Story Wonders: Finding the Courage to March and Write

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I didn’t want to write about this because I am afraid. I am afraid that people I know and care about will think less of me because I went to the Women’s March last Saturday. I’m afraid they’ll be angry or disapprove.

But every time I started to think about what to write this week, the march is the only thing that wanted to be written.

I posted before about how crushed I felt after the election. It is beyond my understanding that a man so clearly abusive to women could defeat the first woman candidate for president.

I know. These are fighting words.

As Brene Brown said: “I don’t know Donald Trump so the most respectful thing I can do is take him at his word. And, when it comes to women, immigrants, African-Americans, Latinos, and our Muslim sisters and brothers, his words have been threatening and dehumanizing. I march to say that’s not acceptable or American. That is not the heart of the country I love.”

While this, honestly, got me moving that morning, something about marching against someone doesn’t sit well for me. My friend Diane helped with this.

First, she listened as I tried to tell my six year old why we were marching. I started by saying that we were not happy with the man who had won the election has said and done. My friend reframed it for both my little guy and me.

She said, “I like to think of it more as standing up for what we do want.”

Another woman had this to say:

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I agree with Diane, Mother Theresa, and so many others. My best self did not go to protest Trump. I went to say what matters to me most. That was the spirit I felt in Olympia, Washington, and what I saw in the crowds of pink hats from around the world.

The feeling of being there at my smaller 10,000 person march full of peaceful men, women, and children reminded me of a step back into time. I saw folks I am sure were there in the sixties. I saw young people. I saw people in crazy outfits. I saw angry signs and ones fun of humor.

When I think on what I experienced there and what I saw in the pictures around the world, I couldn’t help but remember the Whos chanting with every once of sound they had to be heard so Sour Kangaroo would not throw them in a boiling vat.

We know the election is finished, but that doesn’t mean we aren’t still here and paying attention. It doesn’t mean we don’t need each other more than ever.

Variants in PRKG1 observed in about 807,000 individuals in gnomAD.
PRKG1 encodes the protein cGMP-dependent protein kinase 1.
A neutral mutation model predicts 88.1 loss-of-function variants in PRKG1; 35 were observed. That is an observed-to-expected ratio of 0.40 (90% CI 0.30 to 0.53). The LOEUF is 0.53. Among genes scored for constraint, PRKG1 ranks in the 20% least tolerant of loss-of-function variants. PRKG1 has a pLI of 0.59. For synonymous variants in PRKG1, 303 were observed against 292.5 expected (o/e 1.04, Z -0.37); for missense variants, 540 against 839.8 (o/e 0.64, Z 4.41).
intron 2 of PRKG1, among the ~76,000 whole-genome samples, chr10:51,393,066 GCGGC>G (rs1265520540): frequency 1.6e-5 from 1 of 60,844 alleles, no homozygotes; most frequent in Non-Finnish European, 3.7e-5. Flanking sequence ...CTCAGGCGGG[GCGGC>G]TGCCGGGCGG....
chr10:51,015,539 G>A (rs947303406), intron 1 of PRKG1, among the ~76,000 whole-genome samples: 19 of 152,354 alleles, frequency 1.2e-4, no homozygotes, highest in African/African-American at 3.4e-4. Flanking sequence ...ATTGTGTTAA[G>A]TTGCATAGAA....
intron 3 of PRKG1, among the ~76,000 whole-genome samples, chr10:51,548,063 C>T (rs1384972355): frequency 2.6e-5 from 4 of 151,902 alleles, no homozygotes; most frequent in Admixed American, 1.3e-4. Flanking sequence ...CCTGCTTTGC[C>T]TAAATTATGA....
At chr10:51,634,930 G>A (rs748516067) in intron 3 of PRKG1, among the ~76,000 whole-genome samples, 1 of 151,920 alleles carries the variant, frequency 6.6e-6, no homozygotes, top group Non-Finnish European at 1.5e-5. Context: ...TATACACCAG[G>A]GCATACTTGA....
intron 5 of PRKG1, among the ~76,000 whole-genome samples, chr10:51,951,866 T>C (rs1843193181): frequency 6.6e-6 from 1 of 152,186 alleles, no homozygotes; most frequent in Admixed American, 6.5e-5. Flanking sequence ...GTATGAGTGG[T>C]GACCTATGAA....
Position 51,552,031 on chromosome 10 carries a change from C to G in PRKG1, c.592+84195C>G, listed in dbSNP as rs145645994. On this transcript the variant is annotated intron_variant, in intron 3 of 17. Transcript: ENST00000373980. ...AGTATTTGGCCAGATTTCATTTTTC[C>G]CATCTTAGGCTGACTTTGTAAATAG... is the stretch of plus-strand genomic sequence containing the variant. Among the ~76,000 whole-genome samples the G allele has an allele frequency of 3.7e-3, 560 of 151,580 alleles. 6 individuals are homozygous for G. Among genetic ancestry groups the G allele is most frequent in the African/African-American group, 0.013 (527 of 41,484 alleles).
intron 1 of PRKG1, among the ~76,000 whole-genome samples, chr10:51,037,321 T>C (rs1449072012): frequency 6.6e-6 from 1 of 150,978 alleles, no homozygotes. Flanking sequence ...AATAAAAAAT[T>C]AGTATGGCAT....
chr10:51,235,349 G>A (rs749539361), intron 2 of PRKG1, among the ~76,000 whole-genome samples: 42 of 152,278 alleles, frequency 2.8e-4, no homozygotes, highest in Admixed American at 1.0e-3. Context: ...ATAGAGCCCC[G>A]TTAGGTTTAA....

Of course, I loved the marching band’s way of putting music to the words. (Didn’t the Whos have a tuba?) I would love to know who they are, so I could play next time!

Of everything I saw that day, I think my favorite was the Diane’s daughter Rena in her Captain America outfit with a a sign that said ‘Be a hero. Stand up for ALL Americans.” She even had a shield. Cars stopped to honk, smile and wave for her several times. (I wish you could see her better in my photo!)

Something about Captain America and what we tried to do with the march expressed that need to say what we meant.

I’m still scared to publish this, by the way, but maybe, Mr. Gaiman has a sliver of good news for me.

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Maybe, I’m stating to get it right because writing this sure feels more like ‘walking down the street naked, exposing too much.’ More exposing than even marching on a clear cold day for something I believe.

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11 thoughts on “Story Wonders: Finding the Courage to March and Write

  1. I understand completely your need for courage here. I write a humor blog and I publish on Thursdays. I’m debating whether to speak of the March…I marched in DC and so loved it….but I”m struggling to find the humor in a way that will speak peace, importance and not alienation. I’m struggling. I guess we all are. I do not wish to divide any more, but I cannot stand by and be complicit with a divider. He’s the divider not the decider. I’m trying to find places where I KNOW we all agree..for example…who doesn’t want health insurance or just health for that matter. Everyone, right? So how do we get there? Thanks, Karrie…I know how brave you were today!

  2. Beth

    Glad you followed your heart and went…Glad you were brave and shared. I didn’t go to the marches…But have been uplifted by the stories and photos of those who were there.

  3. Rena

    I was proud to march with you on Saturday. When my 8 yr old Emily decided to wear her Wonder Woman outfit to the event, I was inspired by the idea of a hero’s role in standing up and speaking out to defend and protect those with less power. I wanted to make a statement about using the privilege we have to stand together for others. It meant a lot to me to be there and to share it with my Mom and my daughter.

  4. Brava, Karrie. Keep standing up for what’s good and right and just! We may need to make a lot more marches and do a lot of phone-calling and take a lot of other actions before we can rest, but it’ll be worth it.

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